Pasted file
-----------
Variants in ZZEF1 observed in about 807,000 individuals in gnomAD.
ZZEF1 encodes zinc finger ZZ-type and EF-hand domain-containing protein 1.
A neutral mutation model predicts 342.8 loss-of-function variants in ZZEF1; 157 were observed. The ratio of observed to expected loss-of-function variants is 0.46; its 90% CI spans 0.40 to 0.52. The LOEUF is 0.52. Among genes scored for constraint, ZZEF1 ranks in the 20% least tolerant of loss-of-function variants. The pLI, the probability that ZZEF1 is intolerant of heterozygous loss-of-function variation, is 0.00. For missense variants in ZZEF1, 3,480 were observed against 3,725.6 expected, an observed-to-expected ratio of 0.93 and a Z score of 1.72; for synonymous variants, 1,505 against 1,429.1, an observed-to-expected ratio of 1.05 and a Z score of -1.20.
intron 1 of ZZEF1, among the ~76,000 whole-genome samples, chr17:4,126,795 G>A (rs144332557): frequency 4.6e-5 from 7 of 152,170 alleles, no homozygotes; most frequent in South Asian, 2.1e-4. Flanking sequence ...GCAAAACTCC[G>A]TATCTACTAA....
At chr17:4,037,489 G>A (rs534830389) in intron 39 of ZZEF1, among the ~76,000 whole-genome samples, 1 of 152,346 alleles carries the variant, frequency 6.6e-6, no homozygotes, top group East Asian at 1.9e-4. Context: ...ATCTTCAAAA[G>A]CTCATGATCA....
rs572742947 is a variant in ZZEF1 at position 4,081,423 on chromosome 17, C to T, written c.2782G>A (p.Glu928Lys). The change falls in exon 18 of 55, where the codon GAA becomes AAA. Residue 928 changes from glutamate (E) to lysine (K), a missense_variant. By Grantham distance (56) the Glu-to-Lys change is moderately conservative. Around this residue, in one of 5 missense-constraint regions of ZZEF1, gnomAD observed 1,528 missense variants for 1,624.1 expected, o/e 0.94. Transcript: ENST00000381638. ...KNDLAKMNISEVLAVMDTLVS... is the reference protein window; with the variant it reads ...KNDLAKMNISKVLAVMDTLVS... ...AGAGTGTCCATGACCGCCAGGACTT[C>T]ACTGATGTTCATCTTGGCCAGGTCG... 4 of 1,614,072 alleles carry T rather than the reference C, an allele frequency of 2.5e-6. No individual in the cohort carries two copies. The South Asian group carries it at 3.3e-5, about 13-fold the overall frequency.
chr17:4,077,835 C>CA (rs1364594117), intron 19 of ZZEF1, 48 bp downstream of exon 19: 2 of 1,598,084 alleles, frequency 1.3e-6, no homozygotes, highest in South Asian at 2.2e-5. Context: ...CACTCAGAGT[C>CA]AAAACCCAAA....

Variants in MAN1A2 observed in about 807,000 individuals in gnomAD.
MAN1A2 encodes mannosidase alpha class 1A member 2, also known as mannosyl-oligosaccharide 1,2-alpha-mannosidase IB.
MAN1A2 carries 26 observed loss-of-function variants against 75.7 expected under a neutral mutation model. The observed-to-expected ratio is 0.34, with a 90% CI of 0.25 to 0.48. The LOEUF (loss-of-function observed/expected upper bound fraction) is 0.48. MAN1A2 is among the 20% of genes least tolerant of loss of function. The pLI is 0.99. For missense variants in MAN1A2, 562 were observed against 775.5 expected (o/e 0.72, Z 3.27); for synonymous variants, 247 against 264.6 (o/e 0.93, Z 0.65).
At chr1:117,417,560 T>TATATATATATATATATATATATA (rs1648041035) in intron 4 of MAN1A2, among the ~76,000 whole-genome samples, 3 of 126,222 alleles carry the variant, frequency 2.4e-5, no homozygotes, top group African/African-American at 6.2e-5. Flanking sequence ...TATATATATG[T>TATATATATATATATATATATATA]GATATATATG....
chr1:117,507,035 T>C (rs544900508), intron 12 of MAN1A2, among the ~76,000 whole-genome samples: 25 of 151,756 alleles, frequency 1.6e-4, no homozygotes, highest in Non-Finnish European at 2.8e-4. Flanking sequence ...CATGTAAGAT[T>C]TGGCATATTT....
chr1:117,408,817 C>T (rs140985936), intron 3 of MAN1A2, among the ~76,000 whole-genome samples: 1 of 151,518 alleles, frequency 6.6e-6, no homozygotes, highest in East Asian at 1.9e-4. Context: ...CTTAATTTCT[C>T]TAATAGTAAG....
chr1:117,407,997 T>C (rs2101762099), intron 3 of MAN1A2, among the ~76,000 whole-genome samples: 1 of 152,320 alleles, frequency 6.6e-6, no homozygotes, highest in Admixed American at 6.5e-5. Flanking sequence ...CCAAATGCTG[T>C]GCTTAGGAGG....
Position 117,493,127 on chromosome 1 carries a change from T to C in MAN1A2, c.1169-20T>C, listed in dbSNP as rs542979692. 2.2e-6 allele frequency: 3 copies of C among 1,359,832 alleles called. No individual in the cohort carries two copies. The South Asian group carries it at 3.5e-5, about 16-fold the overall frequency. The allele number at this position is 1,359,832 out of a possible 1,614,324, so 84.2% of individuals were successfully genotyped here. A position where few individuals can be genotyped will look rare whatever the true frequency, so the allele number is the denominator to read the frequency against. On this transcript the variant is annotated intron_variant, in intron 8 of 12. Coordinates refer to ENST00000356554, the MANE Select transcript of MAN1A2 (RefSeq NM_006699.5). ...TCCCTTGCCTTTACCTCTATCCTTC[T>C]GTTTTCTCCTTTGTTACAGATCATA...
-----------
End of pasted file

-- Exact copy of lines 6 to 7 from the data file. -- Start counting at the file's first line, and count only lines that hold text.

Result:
rs572742947 is a variant in ZZEF1 at position 4,081,423 on chromosome 17, C to T, written c.2782G>A (p.Glu928Lys). The change falls in exon 18 of 55, where the codon GAA becomes AAA. Residue 928 changes from glutamate (E) to lysine (K), a missense_variant. By Grantham distance (56) the Glu-to-Lys change is moderately conservative. Around this residue, in one of 5 missense-constraint regions of ZZEF1, gnomAD observed 1,528 missense variants for 1,624.1 expected, o/e 0.94. Transcript: ENST00000381638. ...KNDLAKMNISEVLAVMDTLVS... is the reference protein window; with the variant it reads ...KNDLAKMNISKVLAVMDTLVS... ...AGAGTGTCCATGACCGCCAGGACTT[C>T]ACTGATGTTCATCTTGGCCAGGTCG... 4 of 1,614,072 alleles carry T rather than the reference C, an allele frequency of 2.5e-6. No individual in the cohort carries two copies. The South Asian group carries it at 3.3e-5, about 13-fold the overall frequency.
chr17:4,077,835 C>CA (rs1364594117), intron 19 of ZZEF1, 48 bp downstream of exon 19: 2 of 1,598,084 alleles, frequency 1.3e-6, no homozygotes, highest in South Asian at 2.2e-5. Context: ...CACTCAGAGT[C>CA]AAAACCCAAA....